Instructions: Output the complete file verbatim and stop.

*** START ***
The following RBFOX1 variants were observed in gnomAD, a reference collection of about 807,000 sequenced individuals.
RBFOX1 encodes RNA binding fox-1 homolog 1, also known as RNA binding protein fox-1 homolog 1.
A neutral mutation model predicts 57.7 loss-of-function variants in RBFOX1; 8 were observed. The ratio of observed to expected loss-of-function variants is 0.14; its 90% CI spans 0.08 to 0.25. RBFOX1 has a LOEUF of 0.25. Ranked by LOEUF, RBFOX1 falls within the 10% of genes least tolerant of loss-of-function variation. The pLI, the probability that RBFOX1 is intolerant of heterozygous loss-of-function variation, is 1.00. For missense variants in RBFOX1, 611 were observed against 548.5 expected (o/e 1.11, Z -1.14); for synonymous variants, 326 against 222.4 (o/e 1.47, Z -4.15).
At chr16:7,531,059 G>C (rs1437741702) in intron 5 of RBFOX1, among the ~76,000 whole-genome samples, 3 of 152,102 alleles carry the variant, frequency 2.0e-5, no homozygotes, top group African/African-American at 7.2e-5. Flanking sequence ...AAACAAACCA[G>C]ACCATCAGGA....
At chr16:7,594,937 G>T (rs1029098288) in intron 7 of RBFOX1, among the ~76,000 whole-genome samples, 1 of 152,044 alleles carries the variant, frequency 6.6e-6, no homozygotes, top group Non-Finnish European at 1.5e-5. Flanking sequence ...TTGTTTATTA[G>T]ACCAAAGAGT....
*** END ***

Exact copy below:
The following RBFOX1 variants were observed in gnomAD, a reference collection of about 807,000 sequenced individuals.
RBFOX1 encodes RNA binding fox-1 homolog 1, also known as RNA binding protein fox-1 homolog 1.
A neutral mutation model predicts 57.7 loss-of-function variants in RBFOX1; 8 were observed. The ratio of observed to expected loss-of-function variants is 0.14; its 90% CI spans 0.08 to 0.25. RBFOX1 has a LOEUF of 0.25. Ranked by LOEUF, RBFOX1 falls within the 10% of genes least tolerant of loss-of-function variation. The pLI, the probability that RBFOX1 is intolerant of heterozygous loss-of-function variation, is 1.00. For missense variants in RBFOX1, 611 were observed against 548.5 expected (o/e 1.11, Z -1.14); for synonymous variants, 326 against 222.4 (o/e 1.47, Z -4.15).
At chr16:7,531,059 G>C (rs1437741702) in intron 5 of RBFOX1, among the ~76,000 whole-genome samples, 3 of 152,102 alleles carry the variant, frequency 2.0e-5, no homozygotes, top group African/African-American at 7.2e-5. Flanking sequence ...AAACAAACCA[G>C]ACCATCAGGA....
At chr16:7,594,937 G>T (rs1029098288) in intron 7 of RBFOX1, among the ~76,000 whole-genome samples, 1 of 152,044 alleles carries the variant, frequency 6.6e-6, no homozygotes, top group Non-Finnish European at 1.5e-5. Flanking sequence ...TTGTTTATTA[G>T]ACCAAAGAGT....